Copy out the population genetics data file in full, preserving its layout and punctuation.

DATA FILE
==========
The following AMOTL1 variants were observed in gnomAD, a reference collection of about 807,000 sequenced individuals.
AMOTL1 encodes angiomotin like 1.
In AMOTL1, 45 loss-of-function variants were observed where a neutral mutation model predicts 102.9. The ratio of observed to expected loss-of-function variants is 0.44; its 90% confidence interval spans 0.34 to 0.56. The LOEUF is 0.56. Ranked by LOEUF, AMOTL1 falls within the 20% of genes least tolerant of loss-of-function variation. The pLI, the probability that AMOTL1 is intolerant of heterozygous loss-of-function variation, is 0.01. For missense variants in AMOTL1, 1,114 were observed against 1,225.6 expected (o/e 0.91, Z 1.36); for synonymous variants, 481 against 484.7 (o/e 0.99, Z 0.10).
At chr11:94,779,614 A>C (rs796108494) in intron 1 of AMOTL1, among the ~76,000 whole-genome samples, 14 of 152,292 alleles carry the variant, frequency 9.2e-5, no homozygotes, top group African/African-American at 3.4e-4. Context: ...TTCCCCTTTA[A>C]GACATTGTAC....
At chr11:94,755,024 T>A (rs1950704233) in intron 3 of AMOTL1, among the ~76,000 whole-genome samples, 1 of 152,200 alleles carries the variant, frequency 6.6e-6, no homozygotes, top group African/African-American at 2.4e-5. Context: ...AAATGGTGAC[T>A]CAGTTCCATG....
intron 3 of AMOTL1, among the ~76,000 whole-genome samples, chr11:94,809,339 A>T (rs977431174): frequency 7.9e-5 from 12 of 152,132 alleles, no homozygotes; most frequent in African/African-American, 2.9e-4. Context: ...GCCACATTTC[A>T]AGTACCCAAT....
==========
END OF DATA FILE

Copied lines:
The following AMOTL1 variants were observed in gnomAD, a reference collection of about 807,000 sequenced individuals.
AMOTL1 encodes angiomotin like 1.
In AMOTL1, 45 loss-of-function variants were observed where a neutral mutation model predicts 102.9. The ratio of observed to expected loss-of-function variants is 0.44; its 90% confidence interval spans 0.34 to 0.56. The LOEUF is 0.56. Ranked by LOEUF, AMOTL1 falls within the 20% of genes least tolerant of loss-of-function variation. The pLI, the probability that AMOTL1 is intolerant of heterozygous loss-of-function variation, is 0.01. For missense variants in AMOTL1, 1,114 were observed against 1,225.6 expected (o/e 0.91, Z 1.36); for synonymous variants, 481 against 484.7 (o/e 0.99, Z 0.10).
At chr11:94,779,614 A>C (rs796108494) in intron 1 of AMOTL1, among the ~76,000 whole-genome samples, 14 of 152,292 alleles carry the variant, frequency 9.2e-5, no homozygotes, top group African/African-American at 3.4e-4. Context: ...TTCCCCTTTA[A>C]GACATTGTAC....
At chr11:94,755,024 T>A (rs1950704233) in intron 3 of AMOTL1, among the ~76,000 whole-genome samples, 1 of 152,200 alleles carries the variant, frequency 6.6e-6, no homozygotes, top group African/African-American at 2.4e-5. Context: ...AAATGGTGAC[T>A]CAGTTCCATG....
intron 3 of AMOTL1, among the ~76,000 whole-genome samples, chr11:94,809,339 A>T (rs977431174): frequency 7.9e-5 from 12 of 152,132 alleles, no homozygotes; most frequent in African/African-American, 2.9e-4. Context: ...GCCACATTTC[A>T]AGTACCCAAT....